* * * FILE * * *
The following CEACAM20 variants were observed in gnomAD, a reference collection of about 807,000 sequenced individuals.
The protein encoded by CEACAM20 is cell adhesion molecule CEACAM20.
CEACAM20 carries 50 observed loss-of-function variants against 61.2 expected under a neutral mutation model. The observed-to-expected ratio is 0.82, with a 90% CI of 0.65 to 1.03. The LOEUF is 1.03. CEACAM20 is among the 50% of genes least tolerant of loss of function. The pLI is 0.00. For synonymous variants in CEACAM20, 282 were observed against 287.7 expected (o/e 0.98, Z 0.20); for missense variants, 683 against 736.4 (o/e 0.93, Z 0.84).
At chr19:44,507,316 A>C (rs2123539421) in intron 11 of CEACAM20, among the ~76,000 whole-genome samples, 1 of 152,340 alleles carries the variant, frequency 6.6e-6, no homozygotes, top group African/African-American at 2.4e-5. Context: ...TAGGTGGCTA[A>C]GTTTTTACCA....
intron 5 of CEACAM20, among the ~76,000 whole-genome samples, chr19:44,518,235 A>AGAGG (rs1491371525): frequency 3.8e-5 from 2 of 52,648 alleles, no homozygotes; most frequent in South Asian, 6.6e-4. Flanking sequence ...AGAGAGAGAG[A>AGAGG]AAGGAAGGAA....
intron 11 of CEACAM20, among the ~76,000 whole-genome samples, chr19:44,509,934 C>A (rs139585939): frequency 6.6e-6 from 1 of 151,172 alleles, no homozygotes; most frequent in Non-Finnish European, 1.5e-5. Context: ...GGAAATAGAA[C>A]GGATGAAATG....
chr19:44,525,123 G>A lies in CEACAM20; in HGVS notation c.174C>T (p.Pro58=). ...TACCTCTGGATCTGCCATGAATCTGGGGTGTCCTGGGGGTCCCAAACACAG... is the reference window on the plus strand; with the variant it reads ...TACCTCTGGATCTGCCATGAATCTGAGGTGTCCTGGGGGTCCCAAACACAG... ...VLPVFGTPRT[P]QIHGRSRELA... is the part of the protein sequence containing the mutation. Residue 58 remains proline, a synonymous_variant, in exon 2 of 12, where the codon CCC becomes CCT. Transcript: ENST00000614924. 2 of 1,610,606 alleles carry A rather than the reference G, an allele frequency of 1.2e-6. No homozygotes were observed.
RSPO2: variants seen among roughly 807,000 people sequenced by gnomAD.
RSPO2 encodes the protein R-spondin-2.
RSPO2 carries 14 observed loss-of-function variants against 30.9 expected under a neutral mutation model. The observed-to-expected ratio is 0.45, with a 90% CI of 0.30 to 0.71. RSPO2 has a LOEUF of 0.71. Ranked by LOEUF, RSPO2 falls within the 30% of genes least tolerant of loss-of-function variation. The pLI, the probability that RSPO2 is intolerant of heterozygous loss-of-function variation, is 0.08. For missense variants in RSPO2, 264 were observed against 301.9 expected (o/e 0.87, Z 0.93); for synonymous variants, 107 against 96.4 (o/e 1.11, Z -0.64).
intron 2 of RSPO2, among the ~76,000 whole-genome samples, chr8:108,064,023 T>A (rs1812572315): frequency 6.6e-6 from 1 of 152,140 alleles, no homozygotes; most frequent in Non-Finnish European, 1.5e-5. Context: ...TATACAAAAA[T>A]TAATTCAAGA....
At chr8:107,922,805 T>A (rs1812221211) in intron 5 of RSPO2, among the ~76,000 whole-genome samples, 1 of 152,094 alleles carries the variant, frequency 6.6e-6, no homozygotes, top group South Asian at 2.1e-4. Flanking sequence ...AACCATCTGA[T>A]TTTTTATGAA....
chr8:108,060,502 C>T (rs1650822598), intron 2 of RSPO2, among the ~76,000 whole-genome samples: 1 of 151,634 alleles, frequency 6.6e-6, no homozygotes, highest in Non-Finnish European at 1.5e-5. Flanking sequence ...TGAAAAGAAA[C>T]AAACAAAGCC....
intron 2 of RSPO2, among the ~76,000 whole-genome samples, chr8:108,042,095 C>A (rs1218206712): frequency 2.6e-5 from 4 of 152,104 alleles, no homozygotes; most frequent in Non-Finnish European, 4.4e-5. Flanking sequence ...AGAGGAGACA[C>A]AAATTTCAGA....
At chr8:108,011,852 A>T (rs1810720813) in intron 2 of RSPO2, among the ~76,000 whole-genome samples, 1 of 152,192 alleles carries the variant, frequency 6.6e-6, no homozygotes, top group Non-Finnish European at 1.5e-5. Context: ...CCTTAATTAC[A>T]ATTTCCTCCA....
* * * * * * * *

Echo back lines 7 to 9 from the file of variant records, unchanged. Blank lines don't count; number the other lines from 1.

chr19:44,525,123 G>A lies in CEACAM20; in HGVS notation c.174C>T (p.Pro58=). ...TACCTCTGGATCTGCCATGAATCTGGGGTGTCCTGGGGGTCCCAAACACAG... is the reference window on the plus strand; with the variant it reads ...TACCTCTGGATCTGCCATGAATCTGAGGTGTCCTGGGGGTCCCAAACACAG... ...VLPVFGTPRT[P]QIHGRSRELA... is the part of the protein sequence containing the mutation. Residue 58 remains proline, a synonymous_variant, in exon 2 of 12, where the codon CCC becomes CCT. Transcript: ENST00000614924. 2 of 1,610,606 alleles carry A rather than the reference G, an allele frequency of 1.2e-6. No homozygotes were observed.
RSPO2: variants seen among roughly 807,000 people sequenced by gnomAD.
RSPO2 encodes the protein R-spondin-2.